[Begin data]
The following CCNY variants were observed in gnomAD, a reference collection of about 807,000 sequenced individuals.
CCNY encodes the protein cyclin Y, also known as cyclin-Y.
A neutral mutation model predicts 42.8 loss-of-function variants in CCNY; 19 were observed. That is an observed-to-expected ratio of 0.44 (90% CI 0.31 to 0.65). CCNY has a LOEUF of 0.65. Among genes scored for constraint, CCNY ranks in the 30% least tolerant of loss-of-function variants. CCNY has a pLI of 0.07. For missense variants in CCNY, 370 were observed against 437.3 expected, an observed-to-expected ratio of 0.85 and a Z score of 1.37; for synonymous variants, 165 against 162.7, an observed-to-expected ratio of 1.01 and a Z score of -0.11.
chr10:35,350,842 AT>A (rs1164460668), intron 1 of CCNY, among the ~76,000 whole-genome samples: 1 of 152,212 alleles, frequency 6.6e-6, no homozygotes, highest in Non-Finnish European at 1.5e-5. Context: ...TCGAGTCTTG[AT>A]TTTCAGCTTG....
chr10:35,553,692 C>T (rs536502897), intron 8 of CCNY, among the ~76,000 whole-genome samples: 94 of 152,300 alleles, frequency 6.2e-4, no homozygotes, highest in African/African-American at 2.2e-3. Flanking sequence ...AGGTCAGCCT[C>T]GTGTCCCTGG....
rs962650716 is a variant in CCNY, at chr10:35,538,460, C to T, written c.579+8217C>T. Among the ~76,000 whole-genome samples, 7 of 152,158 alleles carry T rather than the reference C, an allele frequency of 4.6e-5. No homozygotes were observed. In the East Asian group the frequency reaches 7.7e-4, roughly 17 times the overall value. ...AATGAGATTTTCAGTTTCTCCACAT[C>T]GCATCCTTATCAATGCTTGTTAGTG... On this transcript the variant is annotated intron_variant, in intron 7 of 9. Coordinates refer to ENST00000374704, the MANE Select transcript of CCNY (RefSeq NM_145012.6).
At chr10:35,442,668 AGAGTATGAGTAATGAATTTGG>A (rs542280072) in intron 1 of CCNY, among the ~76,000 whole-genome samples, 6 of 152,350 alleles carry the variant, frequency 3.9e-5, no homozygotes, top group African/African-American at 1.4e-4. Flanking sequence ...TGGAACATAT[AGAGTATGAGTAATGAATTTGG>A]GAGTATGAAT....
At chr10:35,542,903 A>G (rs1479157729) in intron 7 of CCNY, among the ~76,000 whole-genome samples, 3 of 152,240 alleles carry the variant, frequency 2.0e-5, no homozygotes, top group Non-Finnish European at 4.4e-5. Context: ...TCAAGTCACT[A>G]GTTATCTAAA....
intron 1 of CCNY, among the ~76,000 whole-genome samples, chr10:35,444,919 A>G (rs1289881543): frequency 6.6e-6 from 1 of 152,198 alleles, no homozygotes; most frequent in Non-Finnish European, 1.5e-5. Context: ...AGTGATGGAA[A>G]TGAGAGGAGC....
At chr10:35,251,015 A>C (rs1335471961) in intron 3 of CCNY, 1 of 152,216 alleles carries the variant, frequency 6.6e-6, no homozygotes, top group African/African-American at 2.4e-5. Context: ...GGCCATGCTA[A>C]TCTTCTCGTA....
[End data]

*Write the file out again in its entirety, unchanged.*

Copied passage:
The following CCNY variants were observed in gnomAD, a reference collection of about 807,000 sequenced individuals.
CCNY encodes the protein cyclin Y, also known as cyclin-Y.
A neutral mutation model predicts 42.8 loss-of-function variants in CCNY; 19 were observed. That is an observed-to-expected ratio of 0.44 (90% CI 0.31 to 0.65). CCNY has a LOEUF of 0.65. Among genes scored for constraint, CCNY ranks in the 30% least tolerant of loss-of-function variants. CCNY has a pLI of 0.07. For missense variants in CCNY, 370 were observed against 437.3 expected, an observed-to-expected ratio of 0.85 and a Z score of 1.37; for synonymous variants, 165 against 162.7, an observed-to-expected ratio of 1.01 and a Z score of -0.11.
chr10:35,350,842 AT>A (rs1164460668), intron 1 of CCNY, among the ~76,000 whole-genome samples: 1 of 152,212 alleles, frequency 6.6e-6, no homozygotes, highest in Non-Finnish European at 1.5e-5. Context: ...TCGAGTCTTG[AT>A]TTTCAGCTTG....
chr10:35,553,692 C>T (rs536502897), intron 8 of CCNY, among the ~76,000 whole-genome samples: 94 of 152,300 alleles, frequency 6.2e-4, no homozygotes, highest in African/African-American at 2.2e-3. Flanking sequence ...AGGTCAGCCT[C>T]GTGTCCCTGG....
rs962650716 is a variant in CCNY, at chr10:35,538,460, C to T, written c.579+8217C>T. Among the ~76,000 whole-genome samples, 7 of 152,158 alleles carry T rather than the reference C, an allele frequency of 4.6e-5. No homozygotes were observed. In the East Asian group the frequency reaches 7.7e-4, roughly 17 times the overall value. ...AATGAGATTTTCAGTTTCTCCACAT[C>T]GCATCCTTATCAATGCTTGTTAGTG... On this transcript the variant is annotated intron_variant, in intron 7 of 9. Coordinates refer to ENST00000374704, the MANE Select transcript of CCNY (RefSeq NM_145012.6).
At chr10:35,442,668 AGAGTATGAGTAATGAATTTGG>A (rs542280072) in intron 1 of CCNY, among the ~76,000 whole-genome samples, 6 of 152,350 alleles carry the variant, frequency 3.9e-5, no homozygotes, top group African/African-American at 1.4e-4. Flanking sequence ...TGGAACATAT[AGAGTATGAGTAATGAATTTGG>A]GAGTATGAAT....
At chr10:35,542,903 A>G (rs1479157729) in intron 7 of CCNY, among the ~76,000 whole-genome samples, 3 of 152,240 alleles carry the variant, frequency 2.0e-5, no homozygotes, top group Non-Finnish European at 4.4e-5. Context: ...TCAAGTCACT[A>G]GTTATCTAAA....
intron 1 of CCNY, among the ~76,000 whole-genome samples, chr10:35,444,919 A>G (rs1289881543): frequency 6.6e-6 from 1 of 152,198 alleles, no homozygotes; most frequent in Non-Finnish European, 1.5e-5. Context: ...AGTGATGGAA[A>G]TGAGAGGAGC....
At chr10:35,251,015 A>C (rs1335471961) in intron 3 of CCNY, 1 of 152,216 alleles carries the variant, frequency 6.6e-6, no homozygotes, top group African/African-American at 2.4e-5. Context: ...GGCCATGCTA[A>C]TCTTCTCGTA....